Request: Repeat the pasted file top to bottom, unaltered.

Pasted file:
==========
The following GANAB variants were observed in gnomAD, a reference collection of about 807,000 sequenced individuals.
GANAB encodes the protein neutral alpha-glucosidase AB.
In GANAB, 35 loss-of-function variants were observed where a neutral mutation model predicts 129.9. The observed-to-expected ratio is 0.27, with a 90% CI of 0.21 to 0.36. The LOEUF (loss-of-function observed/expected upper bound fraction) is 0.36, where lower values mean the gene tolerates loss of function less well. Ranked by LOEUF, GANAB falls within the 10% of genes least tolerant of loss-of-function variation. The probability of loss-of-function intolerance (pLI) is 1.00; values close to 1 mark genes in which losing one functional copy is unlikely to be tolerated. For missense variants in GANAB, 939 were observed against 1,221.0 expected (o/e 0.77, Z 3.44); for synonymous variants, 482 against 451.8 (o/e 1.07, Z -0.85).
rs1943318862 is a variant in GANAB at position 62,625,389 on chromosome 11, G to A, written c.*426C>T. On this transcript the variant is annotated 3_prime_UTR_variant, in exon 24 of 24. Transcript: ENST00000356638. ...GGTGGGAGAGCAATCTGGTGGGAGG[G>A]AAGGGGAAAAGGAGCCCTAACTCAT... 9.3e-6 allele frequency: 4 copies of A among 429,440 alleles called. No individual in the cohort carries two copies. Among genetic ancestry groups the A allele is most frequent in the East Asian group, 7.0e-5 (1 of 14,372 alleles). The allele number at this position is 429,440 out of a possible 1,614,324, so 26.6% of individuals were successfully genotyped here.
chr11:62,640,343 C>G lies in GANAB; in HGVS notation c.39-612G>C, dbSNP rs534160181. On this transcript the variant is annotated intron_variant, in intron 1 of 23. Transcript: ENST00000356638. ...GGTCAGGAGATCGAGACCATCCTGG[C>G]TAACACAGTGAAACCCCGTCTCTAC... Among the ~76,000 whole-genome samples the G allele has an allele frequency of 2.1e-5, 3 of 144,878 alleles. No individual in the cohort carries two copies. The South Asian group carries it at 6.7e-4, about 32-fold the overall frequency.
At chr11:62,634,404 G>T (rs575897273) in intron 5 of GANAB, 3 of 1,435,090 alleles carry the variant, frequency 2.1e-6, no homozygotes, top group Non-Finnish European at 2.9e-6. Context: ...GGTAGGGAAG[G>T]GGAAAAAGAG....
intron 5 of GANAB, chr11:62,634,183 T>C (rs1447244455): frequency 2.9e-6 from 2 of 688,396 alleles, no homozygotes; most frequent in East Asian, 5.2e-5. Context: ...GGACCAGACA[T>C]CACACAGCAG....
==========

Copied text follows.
The following GANAB variants were observed in gnomAD, a reference collection of about 807,000 sequenced individuals.
GANAB encodes the protein neutral alpha-glucosidase AB.
In GANAB, 35 loss-of-function variants were observed where a neutral mutation model predicts 129.9. The observed-to-expected ratio is 0.27, with a 90% CI of 0.21 to 0.36. The LOEUF (loss-of-function observed/expected upper bound fraction) is 0.36, where lower values mean the gene tolerates loss of function less well. Ranked by LOEUF, GANAB falls within the 10% of genes least tolerant of loss-of-function variation. The probability of loss-of-function intolerance (pLI) is 1.00; values close to 1 mark genes in which losing one functional copy is unlikely to be tolerated. For missense variants in GANAB, 939 were observed against 1,221.0 expected (o/e 0.77, Z 3.44); for synonymous variants, 482 against 451.8 (o/e 1.07, Z -0.85).
rs1943318862 is a variant in GANAB at position 62,625,389 on chromosome 11, G to A, written c.*426C>T. On this transcript the variant is annotated 3_prime_UTR_variant, in exon 24 of 24. Transcript: ENST00000356638. ...GGTGGGAGAGCAATCTGGTGGGAGG[G>A]AAGGGGAAAAGGAGCCCTAACTCAT... 9.3e-6 allele frequency: 4 copies of A among 429,440 alleles called. No individual in the cohort carries two copies. Among genetic ancestry groups the A allele is most frequent in the East Asian group, 7.0e-5 (1 of 14,372 alleles). The allele number at this position is 429,440 out of a possible 1,614,324, so 26.6% of individuals were successfully genotyped here.
chr11:62,640,343 C>G lies in GANAB; in HGVS notation c.39-612G>C, dbSNP rs534160181. On this transcript the variant is annotated intron_variant, in intron 1 of 23. Transcript: ENST00000356638. ...GGTCAGGAGATCGAGACCATCCTGG[C>G]TAACACAGTGAAACCCCGTCTCTAC... Among the ~76,000 whole-genome samples the G allele has an allele frequency of 2.1e-5, 3 of 144,878 alleles. No individual in the cohort carries two copies. The South Asian group carries it at 6.7e-4, about 32-fold the overall frequency.
At chr11:62,634,404 G>T (rs575897273) in intron 5 of GANAB, 3 of 1,435,090 alleles carry the variant, frequency 2.1e-6, no homozygotes, top group Non-Finnish European at 2.9e-6. Context: ...GGTAGGGAAG[G>T]GGAAAAAGAG....
intron 5 of GANAB, chr11:62,634,183 T>C (rs1447244455): frequency 2.9e-6 from 2 of 688,396 alleles, no homozygotes; most frequent in East Asian, 5.2e-5. Context: ...GGACCAGACA[T>C]CACACAGCAG....